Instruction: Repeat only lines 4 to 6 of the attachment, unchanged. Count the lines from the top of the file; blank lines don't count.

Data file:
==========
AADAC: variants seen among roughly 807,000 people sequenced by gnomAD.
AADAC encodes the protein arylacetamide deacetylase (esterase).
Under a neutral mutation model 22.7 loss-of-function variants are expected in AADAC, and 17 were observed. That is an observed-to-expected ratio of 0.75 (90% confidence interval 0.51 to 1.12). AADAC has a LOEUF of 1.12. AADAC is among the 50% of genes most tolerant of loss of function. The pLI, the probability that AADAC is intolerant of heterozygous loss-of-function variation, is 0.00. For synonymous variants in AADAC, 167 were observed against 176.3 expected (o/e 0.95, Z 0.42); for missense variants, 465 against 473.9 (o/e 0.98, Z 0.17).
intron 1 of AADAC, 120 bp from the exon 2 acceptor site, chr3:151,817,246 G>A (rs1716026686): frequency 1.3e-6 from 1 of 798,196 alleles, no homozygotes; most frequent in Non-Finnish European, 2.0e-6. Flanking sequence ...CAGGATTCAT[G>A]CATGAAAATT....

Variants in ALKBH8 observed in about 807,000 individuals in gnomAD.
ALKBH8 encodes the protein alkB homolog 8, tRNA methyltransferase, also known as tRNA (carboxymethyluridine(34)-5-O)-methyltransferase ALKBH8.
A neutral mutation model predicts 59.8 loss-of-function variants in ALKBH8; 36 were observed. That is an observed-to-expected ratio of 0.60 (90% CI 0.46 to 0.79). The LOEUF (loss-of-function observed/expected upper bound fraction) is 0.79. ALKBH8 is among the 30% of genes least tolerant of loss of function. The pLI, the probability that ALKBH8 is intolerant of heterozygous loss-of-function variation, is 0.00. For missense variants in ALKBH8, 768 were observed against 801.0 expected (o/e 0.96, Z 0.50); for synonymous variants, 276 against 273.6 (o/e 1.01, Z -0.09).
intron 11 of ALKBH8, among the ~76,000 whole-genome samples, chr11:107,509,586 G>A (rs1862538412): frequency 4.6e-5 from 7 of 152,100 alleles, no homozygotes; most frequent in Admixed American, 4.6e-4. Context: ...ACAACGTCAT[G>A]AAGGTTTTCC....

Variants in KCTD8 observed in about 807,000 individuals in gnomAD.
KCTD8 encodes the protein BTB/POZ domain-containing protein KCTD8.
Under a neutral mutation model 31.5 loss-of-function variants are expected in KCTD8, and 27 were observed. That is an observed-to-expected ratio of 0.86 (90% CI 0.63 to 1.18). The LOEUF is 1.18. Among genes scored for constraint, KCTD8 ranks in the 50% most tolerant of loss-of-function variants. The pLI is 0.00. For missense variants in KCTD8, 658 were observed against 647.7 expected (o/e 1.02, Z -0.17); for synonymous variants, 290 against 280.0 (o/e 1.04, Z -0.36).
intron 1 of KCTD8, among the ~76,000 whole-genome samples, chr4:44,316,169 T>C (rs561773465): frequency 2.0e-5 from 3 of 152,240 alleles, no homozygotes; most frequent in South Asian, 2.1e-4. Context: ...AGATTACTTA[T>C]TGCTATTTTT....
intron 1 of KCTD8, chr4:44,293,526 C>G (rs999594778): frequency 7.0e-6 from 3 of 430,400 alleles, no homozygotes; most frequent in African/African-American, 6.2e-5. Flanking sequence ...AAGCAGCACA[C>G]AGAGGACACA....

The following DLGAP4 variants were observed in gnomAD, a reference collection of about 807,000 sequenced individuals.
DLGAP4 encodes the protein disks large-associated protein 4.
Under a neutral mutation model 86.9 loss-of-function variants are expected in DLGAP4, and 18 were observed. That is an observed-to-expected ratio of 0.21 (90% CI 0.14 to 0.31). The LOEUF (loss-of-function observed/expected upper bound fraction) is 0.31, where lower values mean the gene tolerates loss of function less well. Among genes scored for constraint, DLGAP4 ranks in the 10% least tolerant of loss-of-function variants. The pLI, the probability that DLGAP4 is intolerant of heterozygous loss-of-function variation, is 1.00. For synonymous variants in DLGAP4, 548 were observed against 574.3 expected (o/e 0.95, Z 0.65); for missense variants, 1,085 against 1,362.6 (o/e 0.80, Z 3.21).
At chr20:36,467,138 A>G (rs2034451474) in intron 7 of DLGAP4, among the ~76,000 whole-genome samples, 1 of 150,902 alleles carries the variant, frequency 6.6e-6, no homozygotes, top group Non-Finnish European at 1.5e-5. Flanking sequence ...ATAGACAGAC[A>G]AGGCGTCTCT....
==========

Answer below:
intron 1 of AADAC, 120 bp from the exon 2 acceptor site, chr3:151,817,246 G>A (rs1716026686): frequency 1.3e-6 from 1 of 798,196 alleles, no homozygotes; most frequent in Non-Finnish European, 2.0e-6. Flanking sequence ...CAGGATTCAT[G>A]CATGAAAATT....

Variants in ALKBH8 observed in about 807,000 individuals in gnomAD.
ALKBH8 encodes the protein alkB homolog 8, tRNA methyltransferase, also known as tRNA (carboxymethyluridine(34)-5-O)-methyltransferase ALKBH8.